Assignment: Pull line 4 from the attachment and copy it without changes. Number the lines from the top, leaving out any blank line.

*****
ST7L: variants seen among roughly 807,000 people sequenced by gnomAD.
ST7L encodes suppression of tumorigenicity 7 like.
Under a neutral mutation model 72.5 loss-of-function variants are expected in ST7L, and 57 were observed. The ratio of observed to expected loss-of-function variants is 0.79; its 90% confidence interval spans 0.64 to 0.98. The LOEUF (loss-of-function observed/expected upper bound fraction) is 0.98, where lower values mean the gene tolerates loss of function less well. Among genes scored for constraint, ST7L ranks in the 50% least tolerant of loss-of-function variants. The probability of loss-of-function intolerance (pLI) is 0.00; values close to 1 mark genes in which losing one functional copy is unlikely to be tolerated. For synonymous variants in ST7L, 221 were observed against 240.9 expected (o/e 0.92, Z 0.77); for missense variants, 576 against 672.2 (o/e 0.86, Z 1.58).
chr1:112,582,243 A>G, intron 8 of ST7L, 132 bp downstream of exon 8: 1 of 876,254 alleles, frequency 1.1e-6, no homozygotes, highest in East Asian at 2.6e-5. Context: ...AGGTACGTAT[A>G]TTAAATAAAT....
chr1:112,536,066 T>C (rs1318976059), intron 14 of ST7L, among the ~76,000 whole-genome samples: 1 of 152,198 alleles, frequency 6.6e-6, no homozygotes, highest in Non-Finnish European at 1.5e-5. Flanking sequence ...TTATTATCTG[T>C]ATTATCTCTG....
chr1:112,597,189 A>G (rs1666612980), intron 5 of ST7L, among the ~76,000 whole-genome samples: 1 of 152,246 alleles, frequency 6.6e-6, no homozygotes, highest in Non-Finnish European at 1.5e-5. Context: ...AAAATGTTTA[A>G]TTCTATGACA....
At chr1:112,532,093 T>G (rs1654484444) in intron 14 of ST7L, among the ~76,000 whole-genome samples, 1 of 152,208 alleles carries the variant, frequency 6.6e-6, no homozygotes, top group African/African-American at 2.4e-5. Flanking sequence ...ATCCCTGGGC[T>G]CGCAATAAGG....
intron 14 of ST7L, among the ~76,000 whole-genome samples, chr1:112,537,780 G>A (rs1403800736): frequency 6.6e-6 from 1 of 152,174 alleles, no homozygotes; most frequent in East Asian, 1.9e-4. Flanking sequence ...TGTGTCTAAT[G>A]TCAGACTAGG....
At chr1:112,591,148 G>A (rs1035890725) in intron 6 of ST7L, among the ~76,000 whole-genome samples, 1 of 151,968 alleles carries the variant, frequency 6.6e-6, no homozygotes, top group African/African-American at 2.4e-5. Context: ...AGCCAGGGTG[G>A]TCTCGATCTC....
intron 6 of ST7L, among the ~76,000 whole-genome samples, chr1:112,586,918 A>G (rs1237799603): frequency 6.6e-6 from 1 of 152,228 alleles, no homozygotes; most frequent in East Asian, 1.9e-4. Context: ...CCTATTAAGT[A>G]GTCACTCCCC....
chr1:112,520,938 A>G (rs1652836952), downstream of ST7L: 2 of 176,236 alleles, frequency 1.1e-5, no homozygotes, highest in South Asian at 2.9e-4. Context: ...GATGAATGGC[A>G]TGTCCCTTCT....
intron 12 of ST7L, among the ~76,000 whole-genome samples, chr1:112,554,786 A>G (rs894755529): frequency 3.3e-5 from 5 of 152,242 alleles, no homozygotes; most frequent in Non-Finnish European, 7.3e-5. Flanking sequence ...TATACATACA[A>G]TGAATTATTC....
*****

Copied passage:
chr1:112,582,243 A>G, intron 8 of ST7L, 132 bp downstream of exon 8: 1 of 876,254 alleles, frequency 1.1e-6, no homozygotes, highest in East Asian at 2.6e-5. Context: ...AGGTACGTAT[A>G]TTAAATAAAT....